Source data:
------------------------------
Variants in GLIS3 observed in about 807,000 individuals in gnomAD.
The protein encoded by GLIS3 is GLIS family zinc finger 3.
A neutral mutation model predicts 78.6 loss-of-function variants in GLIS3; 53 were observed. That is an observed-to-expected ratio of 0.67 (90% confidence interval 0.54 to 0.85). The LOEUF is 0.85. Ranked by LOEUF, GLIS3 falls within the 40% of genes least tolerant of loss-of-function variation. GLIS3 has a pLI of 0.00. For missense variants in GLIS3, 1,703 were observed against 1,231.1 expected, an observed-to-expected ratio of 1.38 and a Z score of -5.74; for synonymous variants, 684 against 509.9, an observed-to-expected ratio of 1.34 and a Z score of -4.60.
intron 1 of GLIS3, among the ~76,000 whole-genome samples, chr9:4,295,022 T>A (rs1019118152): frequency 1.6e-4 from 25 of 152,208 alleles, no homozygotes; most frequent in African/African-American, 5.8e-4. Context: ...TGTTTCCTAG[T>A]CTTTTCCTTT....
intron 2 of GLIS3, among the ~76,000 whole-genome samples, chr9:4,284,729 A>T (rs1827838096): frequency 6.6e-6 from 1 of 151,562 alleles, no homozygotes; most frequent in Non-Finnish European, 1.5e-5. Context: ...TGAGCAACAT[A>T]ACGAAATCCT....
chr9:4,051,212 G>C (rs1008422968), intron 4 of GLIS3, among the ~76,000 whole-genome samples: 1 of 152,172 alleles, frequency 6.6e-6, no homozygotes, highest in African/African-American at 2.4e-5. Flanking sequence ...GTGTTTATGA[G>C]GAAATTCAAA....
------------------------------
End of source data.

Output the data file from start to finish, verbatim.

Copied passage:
Variants in GLIS3 observed in about 807,000 individuals in gnomAD.
The protein encoded by GLIS3 is GLIS family zinc finger 3.
A neutral mutation model predicts 78.6 loss-of-function variants in GLIS3; 53 were observed. That is an observed-to-expected ratio of 0.67 (90% confidence interval 0.54 to 0.85). The LOEUF is 0.85. Ranked by LOEUF, GLIS3 falls within the 40% of genes least tolerant of loss-of-function variation. GLIS3 has a pLI of 0.00. For missense variants in GLIS3, 1,703 were observed against 1,231.1 expected, an observed-to-expected ratio of 1.38 and a Z score of -5.74; for synonymous variants, 684 against 509.9, an observed-to-expected ratio of 1.34 and a Z score of -4.60.
intron 1 of GLIS3, among the ~76,000 whole-genome samples, chr9:4,295,022 T>A (rs1019118152): frequency 1.6e-4 from 25 of 152,208 alleles, no homozygotes; most frequent in African/African-American, 5.8e-4. Context: ...TGTTTCCTAG[T>A]CTTTTCCTTT....
intron 2 of GLIS3, among the ~76,000 whole-genome samples, chr9:4,284,729 A>T (rs1827838096): frequency 6.6e-6 from 1 of 151,562 alleles, no homozygotes; most frequent in Non-Finnish European, 1.5e-5. Context: ...TGAGCAACAT[A>T]ACGAAATCCT....
chr9:4,051,212 G>C (rs1008422968), intron 4 of GLIS3, among the ~76,000 whole-genome samples: 1 of 152,172 alleles, frequency 6.6e-6, no homozygotes, highest in African/African-American at 2.4e-5. Flanking sequence ...GTGTTTATGA[G>C]GAAATTCAAA....